Skip to comments.VICTORIA SOTO’S FREEDOM OF CHOICE
Posted on 12/22/2012 6:30:10 AM PST by Bill Russell
On December 14, 2012, when Victoria Soto stood in her classroom and heard the gunshots taking the lives of the school administration staff and the students in another classroom, she had very little freedom of choice. Her contractual responsibilities as a teacher required her to safeguard the lives and health of the students she taught. But it was her love for her students required her to stand between them and the evil coming through the doorway. She had very limited options in accomplishing her duty and calling.
Perhaps she could have tried to save herself by squeezing into a closet with some of her students. But that would have left the shooter to start opening closets and cabinets, or to randomly shoot through the doors. Instead, she hid her students, and stood in her room to face a perpetrator of pure evil, completely at his mercy. When he demanded to know where her students were, she told him they were in the gym. Then he killed her. It was only her wits that saved her students and caused her killer to move down the hall, at the cost of her own life. Hers was a very special kind of bravery.
In the aftermath of the horror and selfless sacrifice on the part of the teachers and administrators at Sandy Hook Elementary School, there has been a constant barrage of calls for further gun control. These range from a reintroduction of the assault weapons ban to those who insist on repealing the 2nd Amendment. This knee jerk reaction is highly misguided. At best, it will not work. At worst, it threatens to set up a violent confrontation between an overpowering federal bureaucracy and an armed citizenry who view this as another attempt by the Obama Administration to disarm them and further infringe on their rights.
But for discussions sake, lets assume a complete and total gun ban is successfully implemented. Instead of shooting his way in, Adam Lanza could have simply driven his car through the front door of the school and started his handiwork against an unarmed staff with a samurai sword, long knife, machete, bush axe, chain saw, roofing hammer, or any other assortment of yard or industrial tools. He still would have had at least 12 minutes to perpetrate his crimes against unarmed victims before armed police arrived.
On the other end of this spectrum, there are states like Utah, where concealed carry laws extend to classrooms and public buildings. Teachers, administrators, and parents who have concealed carry permits, carry weapons in the schools on a regular basis. Oddly enough, there have been no mass school shootings in Utah.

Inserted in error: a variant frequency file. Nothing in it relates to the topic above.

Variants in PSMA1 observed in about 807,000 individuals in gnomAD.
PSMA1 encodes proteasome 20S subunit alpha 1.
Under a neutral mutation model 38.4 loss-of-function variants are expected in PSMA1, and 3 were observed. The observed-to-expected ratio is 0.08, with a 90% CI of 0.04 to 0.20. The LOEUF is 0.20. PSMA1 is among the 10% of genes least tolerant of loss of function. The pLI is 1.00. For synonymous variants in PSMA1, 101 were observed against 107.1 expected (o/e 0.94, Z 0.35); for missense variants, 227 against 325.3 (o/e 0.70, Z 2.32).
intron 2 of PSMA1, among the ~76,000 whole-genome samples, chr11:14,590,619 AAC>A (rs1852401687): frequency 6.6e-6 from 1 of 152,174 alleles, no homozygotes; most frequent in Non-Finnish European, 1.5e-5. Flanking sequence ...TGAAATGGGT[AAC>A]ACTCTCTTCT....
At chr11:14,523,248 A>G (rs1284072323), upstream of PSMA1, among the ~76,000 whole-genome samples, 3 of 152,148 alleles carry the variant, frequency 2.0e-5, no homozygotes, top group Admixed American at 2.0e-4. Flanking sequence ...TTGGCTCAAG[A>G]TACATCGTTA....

Perhaps the most digestible type of program for most people would be a Guardian program like the one in Harold, Texas. Teachers with concealed carry permits, after receiving additional training, are authorized by the school to carry weapons on the job.
Lets assume Victoria Soto had a choice to be a participant in a Guardian program. She and any other teacher would have had the means to end the spree seconds after it was initiated. After hiding her students, she could have taken a protected shooting position covering the door way, from where she could accurately engage anyone coming through the door to harm her kids. She would have had the power and means to stop the shooter dead.
There are many details we have yet to learn about the Sandy Hook shooting. But the one thing we do know is that a 27 year old teacher exhibited great courage and poise when facing death. That same sense of responsibility she showed in facing an armed assailant would also have made her highly responsible in carrying and using a firearm in the presence of children.
Whatever Victoria Sotos feelings about guns were, she should have had the choice on whether or not to carry one.
Liberals love to talk about a womans right to choose. But they would continue to deny the Victoria Sotos of the world the freedom of choice on how to protect themselves and the lives and health of the students they love.
William T Russell is a former Republican Congressional Candidate in the 12th Congressional District of Pennsylvania. He is an internationally published columnist and has been a featured guest on a number of national television and radio news shows. He is a retired Lieutenant Colonel from the US Army and has served in Desert Storm, the Iraq War, and the Balkans. He and his wife, Kasia, were both in the Pentagon on 9/11. www.williamrussell.net
Another great read on the topic:
The most sensible thing to do, that would be fiscally responsible, and in keeping with the best American traditions, is to allow the teachers the chance to exercise their 2nd Amendment rights. Only an armed person at the point of contact with the enemy can solve what at that point has become a tactical problem.
Obama should declare an EO that schools and hospitals are fire free zones and ban the presence of extinguishers. Only professional firefighters are qualified to engage an outbreak.
Of course, federal funding would be cut off from any district that did not comply with the removal of fire extinguishers.